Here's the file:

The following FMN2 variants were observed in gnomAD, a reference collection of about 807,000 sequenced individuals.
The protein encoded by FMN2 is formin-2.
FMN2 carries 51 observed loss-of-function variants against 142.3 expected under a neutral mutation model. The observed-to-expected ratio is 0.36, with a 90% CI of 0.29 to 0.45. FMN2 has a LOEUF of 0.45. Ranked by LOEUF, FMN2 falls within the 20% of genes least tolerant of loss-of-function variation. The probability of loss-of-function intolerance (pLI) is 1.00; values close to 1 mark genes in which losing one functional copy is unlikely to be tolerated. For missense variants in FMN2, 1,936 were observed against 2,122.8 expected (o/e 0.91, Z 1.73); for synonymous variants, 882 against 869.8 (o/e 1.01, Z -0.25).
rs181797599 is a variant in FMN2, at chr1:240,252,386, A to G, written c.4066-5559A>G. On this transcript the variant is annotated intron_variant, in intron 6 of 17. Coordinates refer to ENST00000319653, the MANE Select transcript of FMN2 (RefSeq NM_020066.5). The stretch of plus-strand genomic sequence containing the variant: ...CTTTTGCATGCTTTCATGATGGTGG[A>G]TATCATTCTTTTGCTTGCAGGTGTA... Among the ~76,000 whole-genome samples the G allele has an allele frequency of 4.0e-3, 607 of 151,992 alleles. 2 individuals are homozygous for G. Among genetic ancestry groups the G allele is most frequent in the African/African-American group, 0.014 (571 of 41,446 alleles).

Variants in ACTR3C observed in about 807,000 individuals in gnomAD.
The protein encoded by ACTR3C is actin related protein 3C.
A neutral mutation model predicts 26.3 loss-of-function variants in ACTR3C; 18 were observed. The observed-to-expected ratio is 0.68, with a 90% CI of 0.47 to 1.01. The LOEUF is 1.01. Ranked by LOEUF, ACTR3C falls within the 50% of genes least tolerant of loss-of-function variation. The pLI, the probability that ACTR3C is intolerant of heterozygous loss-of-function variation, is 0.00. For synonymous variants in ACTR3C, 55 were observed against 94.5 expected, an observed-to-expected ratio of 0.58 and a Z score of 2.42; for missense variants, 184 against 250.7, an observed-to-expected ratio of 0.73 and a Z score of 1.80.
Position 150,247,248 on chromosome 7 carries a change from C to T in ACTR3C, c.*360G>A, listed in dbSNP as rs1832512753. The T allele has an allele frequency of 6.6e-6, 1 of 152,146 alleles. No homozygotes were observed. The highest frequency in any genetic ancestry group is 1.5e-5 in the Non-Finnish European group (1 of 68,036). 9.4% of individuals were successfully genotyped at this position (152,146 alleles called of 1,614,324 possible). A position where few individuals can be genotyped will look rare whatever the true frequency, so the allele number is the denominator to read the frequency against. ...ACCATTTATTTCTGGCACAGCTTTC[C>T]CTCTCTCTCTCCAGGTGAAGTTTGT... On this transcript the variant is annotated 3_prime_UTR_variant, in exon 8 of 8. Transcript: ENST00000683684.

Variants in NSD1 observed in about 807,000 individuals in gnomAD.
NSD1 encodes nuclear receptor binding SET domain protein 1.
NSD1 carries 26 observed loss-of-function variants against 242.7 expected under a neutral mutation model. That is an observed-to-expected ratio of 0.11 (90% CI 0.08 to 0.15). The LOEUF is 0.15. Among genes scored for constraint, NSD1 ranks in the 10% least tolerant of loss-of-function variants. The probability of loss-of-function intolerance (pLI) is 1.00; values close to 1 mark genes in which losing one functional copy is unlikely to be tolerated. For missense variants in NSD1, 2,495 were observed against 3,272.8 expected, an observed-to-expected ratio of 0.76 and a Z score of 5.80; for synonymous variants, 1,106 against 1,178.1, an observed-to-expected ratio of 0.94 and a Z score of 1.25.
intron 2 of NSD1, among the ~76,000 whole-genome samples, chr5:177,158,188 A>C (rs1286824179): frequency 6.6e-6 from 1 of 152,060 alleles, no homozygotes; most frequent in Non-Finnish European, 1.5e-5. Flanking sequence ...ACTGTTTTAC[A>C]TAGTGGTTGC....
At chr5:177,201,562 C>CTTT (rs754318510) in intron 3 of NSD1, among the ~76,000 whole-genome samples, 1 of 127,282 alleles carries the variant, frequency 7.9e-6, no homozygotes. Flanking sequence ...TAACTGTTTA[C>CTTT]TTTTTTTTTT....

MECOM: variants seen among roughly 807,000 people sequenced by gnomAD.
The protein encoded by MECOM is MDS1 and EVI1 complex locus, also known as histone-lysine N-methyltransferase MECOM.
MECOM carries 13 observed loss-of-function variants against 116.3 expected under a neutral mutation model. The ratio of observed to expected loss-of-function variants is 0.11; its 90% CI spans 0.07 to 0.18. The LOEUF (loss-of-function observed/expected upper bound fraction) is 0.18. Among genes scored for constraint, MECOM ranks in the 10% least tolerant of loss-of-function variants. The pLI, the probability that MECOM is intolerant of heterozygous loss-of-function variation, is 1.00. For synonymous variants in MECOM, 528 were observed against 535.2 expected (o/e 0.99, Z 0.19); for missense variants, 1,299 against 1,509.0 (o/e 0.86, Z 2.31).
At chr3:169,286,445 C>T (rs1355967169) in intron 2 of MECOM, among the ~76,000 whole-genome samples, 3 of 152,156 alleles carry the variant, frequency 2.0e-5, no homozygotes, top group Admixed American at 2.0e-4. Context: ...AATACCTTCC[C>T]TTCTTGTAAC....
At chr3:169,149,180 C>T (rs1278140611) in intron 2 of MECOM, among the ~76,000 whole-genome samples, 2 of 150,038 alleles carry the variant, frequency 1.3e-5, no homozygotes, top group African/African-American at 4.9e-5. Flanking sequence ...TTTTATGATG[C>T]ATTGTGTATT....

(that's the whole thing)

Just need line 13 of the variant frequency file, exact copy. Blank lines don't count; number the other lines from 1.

At chr5:177,201,562 C>CTTT (rs754318510) in intron 3 of NSD1, among the ~76,000 whole-genome samples, 1 of 127,282 alleles carries the variant, frequency 7.9e-6, no homozygotes. Flanking sequence ...TAACTGTTTA[C>CTTT]TTTTTTTTTT....